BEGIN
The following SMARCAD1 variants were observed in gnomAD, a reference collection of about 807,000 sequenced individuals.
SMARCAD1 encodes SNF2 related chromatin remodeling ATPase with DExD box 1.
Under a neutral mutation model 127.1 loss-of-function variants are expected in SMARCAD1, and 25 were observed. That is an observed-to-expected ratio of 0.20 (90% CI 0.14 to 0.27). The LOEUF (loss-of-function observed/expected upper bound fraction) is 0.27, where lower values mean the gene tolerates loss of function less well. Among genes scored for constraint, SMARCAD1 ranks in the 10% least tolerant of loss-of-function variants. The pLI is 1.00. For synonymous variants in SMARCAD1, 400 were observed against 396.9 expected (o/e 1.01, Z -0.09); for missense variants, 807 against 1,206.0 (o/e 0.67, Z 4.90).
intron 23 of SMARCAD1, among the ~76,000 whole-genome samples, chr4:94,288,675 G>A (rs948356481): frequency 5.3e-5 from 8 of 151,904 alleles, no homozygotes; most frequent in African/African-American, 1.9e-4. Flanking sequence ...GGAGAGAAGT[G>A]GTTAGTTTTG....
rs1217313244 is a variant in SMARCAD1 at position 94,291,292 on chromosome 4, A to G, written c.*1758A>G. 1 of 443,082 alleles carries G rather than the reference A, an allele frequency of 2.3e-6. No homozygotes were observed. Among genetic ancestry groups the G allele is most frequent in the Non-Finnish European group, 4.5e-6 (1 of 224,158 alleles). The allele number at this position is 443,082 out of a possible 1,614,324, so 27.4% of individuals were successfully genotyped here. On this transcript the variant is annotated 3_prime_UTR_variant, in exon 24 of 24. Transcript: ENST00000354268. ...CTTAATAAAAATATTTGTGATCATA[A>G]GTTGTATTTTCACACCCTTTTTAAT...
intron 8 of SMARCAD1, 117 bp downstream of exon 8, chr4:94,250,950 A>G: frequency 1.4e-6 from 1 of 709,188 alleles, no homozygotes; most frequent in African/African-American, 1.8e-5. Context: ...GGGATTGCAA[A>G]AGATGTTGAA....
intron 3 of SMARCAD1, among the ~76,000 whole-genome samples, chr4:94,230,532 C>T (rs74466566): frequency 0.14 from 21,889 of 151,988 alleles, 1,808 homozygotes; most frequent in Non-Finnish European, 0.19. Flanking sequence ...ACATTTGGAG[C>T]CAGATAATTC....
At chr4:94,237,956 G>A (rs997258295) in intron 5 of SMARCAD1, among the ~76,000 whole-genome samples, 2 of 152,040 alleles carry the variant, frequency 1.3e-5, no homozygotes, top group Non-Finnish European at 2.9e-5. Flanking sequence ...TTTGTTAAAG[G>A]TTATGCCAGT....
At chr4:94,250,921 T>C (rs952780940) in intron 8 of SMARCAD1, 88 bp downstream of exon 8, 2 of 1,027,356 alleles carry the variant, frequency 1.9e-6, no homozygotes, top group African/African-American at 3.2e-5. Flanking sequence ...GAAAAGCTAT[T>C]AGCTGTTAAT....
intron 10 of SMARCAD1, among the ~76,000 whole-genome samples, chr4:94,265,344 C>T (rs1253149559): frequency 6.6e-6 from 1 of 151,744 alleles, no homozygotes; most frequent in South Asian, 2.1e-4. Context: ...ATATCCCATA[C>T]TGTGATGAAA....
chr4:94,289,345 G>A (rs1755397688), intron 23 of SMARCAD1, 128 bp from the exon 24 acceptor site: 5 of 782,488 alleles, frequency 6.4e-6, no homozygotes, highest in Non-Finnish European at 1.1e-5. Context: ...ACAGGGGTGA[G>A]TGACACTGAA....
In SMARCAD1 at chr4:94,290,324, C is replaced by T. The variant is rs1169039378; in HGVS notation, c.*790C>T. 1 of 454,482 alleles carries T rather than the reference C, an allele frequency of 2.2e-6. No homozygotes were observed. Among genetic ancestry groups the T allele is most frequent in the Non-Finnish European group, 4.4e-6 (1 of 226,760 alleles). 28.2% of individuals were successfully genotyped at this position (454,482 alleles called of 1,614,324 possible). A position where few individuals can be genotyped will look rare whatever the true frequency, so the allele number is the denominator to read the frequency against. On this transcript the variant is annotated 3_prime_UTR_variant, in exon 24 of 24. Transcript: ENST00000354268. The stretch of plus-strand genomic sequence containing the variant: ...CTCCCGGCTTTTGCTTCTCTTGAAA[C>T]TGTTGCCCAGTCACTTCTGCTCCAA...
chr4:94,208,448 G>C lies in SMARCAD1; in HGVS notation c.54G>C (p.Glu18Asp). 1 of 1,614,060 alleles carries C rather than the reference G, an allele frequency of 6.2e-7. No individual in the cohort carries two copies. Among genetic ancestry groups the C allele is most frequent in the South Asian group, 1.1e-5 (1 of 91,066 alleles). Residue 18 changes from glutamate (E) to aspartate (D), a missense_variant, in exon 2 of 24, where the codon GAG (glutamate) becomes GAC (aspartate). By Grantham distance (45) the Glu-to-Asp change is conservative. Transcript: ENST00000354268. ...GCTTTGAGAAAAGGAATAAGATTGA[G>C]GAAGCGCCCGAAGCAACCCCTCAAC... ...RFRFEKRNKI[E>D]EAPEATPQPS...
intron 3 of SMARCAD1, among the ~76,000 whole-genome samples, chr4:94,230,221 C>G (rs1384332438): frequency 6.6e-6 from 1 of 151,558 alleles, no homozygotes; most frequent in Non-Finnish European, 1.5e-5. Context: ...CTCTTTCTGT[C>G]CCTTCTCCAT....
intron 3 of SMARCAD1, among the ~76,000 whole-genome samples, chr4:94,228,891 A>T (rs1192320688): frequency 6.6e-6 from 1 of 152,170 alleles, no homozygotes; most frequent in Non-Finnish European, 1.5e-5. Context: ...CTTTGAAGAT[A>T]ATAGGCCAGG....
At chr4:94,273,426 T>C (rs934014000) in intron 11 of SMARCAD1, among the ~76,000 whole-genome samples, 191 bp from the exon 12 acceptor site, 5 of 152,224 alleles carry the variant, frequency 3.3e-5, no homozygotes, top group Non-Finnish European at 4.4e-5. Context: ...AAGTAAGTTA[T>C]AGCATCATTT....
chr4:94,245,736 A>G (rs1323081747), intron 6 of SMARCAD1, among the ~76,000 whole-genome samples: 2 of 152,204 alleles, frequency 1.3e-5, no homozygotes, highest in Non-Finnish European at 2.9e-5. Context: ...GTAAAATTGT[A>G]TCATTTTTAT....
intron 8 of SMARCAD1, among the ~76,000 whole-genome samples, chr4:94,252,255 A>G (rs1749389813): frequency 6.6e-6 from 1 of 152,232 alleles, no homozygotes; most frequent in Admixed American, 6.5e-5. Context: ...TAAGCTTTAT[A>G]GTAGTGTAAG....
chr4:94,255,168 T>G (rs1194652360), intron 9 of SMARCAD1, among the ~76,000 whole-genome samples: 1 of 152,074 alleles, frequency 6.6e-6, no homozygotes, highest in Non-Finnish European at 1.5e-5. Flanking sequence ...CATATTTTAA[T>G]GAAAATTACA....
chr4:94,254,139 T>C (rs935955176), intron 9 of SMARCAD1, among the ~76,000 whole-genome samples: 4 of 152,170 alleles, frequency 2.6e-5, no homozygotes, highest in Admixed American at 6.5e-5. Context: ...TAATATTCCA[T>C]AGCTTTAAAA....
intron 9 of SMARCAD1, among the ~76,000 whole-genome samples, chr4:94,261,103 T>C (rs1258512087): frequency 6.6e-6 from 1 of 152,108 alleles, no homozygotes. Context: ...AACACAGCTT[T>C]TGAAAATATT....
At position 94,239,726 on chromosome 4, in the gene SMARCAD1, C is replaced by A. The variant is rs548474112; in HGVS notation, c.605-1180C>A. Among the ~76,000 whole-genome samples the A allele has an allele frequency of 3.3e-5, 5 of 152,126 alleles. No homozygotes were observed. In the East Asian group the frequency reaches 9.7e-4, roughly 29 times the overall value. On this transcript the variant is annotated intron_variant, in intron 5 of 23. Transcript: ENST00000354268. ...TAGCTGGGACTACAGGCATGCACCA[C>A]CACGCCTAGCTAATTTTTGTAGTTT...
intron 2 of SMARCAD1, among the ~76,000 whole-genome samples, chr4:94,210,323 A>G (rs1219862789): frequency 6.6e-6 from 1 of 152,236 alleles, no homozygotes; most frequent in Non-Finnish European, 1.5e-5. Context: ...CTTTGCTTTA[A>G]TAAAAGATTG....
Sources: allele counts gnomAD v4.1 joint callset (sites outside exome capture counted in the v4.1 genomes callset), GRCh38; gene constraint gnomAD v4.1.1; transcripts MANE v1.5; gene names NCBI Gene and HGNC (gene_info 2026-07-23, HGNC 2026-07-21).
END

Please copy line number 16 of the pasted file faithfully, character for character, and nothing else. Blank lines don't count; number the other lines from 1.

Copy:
At chr4:94,273,426 T>C (rs934014000) in intron 11 of SMARCAD1, among the ~76,000 whole-genome samples, 191 bp from the exon 12 acceptor site, 5 of 152,224 alleles carry the variant, frequency 3.3e-5, no homozygotes, top group Non-Finnish European at 4.4e-5. Context: ...AAGTAAGTTA[T>C]AGCATCATTT....